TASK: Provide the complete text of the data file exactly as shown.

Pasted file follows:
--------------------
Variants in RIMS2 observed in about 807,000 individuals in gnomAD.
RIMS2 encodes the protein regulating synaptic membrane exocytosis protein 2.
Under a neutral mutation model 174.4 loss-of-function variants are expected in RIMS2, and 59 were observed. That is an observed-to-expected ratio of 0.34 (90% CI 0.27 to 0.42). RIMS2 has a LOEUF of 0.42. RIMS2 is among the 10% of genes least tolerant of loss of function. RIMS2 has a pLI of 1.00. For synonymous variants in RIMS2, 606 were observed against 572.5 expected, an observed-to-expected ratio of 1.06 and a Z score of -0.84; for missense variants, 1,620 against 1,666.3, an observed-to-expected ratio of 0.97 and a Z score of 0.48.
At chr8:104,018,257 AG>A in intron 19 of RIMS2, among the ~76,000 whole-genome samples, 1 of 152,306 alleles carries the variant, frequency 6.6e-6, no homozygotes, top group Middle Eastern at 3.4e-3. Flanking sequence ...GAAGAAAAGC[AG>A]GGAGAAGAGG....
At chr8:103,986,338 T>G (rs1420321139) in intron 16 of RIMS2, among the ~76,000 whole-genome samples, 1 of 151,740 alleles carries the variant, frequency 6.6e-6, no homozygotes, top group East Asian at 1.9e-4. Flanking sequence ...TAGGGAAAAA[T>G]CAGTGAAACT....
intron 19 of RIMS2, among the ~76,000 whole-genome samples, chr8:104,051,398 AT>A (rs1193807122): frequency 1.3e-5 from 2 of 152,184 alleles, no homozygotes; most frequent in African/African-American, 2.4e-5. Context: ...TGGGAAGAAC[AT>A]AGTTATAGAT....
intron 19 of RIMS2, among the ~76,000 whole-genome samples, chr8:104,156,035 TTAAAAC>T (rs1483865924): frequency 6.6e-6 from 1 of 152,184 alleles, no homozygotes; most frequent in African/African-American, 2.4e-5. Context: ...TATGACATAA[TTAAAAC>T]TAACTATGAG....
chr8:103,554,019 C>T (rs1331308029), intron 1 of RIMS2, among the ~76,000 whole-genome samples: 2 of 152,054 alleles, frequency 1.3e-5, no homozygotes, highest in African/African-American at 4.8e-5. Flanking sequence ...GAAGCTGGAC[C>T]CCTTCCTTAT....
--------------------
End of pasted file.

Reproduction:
Variants in RIMS2 observed in about 807,000 individuals in gnomAD.
RIMS2 encodes the protein regulating synaptic membrane exocytosis protein 2.
Under a neutral mutation model 174.4 loss-of-function variants are expected in RIMS2, and 59 were observed. That is an observed-to-expected ratio of 0.34 (90% CI 0.27 to 0.42). RIMS2 has a LOEUF of 0.42. RIMS2 is among the 10% of genes least tolerant of loss of function. RIMS2 has a pLI of 1.00. For synonymous variants in RIMS2, 606 were observed against 572.5 expected, an observed-to-expected ratio of 1.06 and a Z score of -0.84; for missense variants, 1,620 against 1,666.3, an observed-to-expected ratio of 0.97 and a Z score of 0.48.
At chr8:104,018,257 AG>A in intron 19 of RIMS2, among the ~76,000 whole-genome samples, 1 of 152,306 alleles carries the variant, frequency 6.6e-6, no homozygotes, top group Middle Eastern at 3.4e-3. Flanking sequence ...GAAGAAAAGC[AG>A]GGAGAAGAGG....
At chr8:103,986,338 T>G (rs1420321139) in intron 16 of RIMS2, among the ~76,000 whole-genome samples, 1 of 151,740 alleles carries the variant, frequency 6.6e-6, no homozygotes, top group East Asian at 1.9e-4. Flanking sequence ...TAGGGAAAAA[T>G]CAGTGAAACT....
intron 19 of RIMS2, among the ~76,000 whole-genome samples, chr8:104,051,398 AT>A (rs1193807122): frequency 1.3e-5 from 2 of 152,184 alleles, no homozygotes; most frequent in African/African-American, 2.4e-5. Context: ...TGGGAAGAAC[AT>A]AGTTATAGAT....
intron 19 of RIMS2, among the ~76,000 whole-genome samples, chr8:104,156,035 TTAAAAC>T (rs1483865924): frequency 6.6e-6 from 1 of 152,184 alleles, no homozygotes; most frequent in African/African-American, 2.4e-5. Context: ...TATGACATAA[TTAAAAC>T]TAACTATGAG....
chr8:103,554,019 C>T (rs1331308029), intron 1 of RIMS2, among the ~76,000 whole-genome samples: 2 of 152,054 alleles, frequency 1.3e-5, no homozygotes, highest in African/African-American at 4.8e-5. Flanking sequence ...GAAGCTGGAC[C>T]CCTTCCTTAT....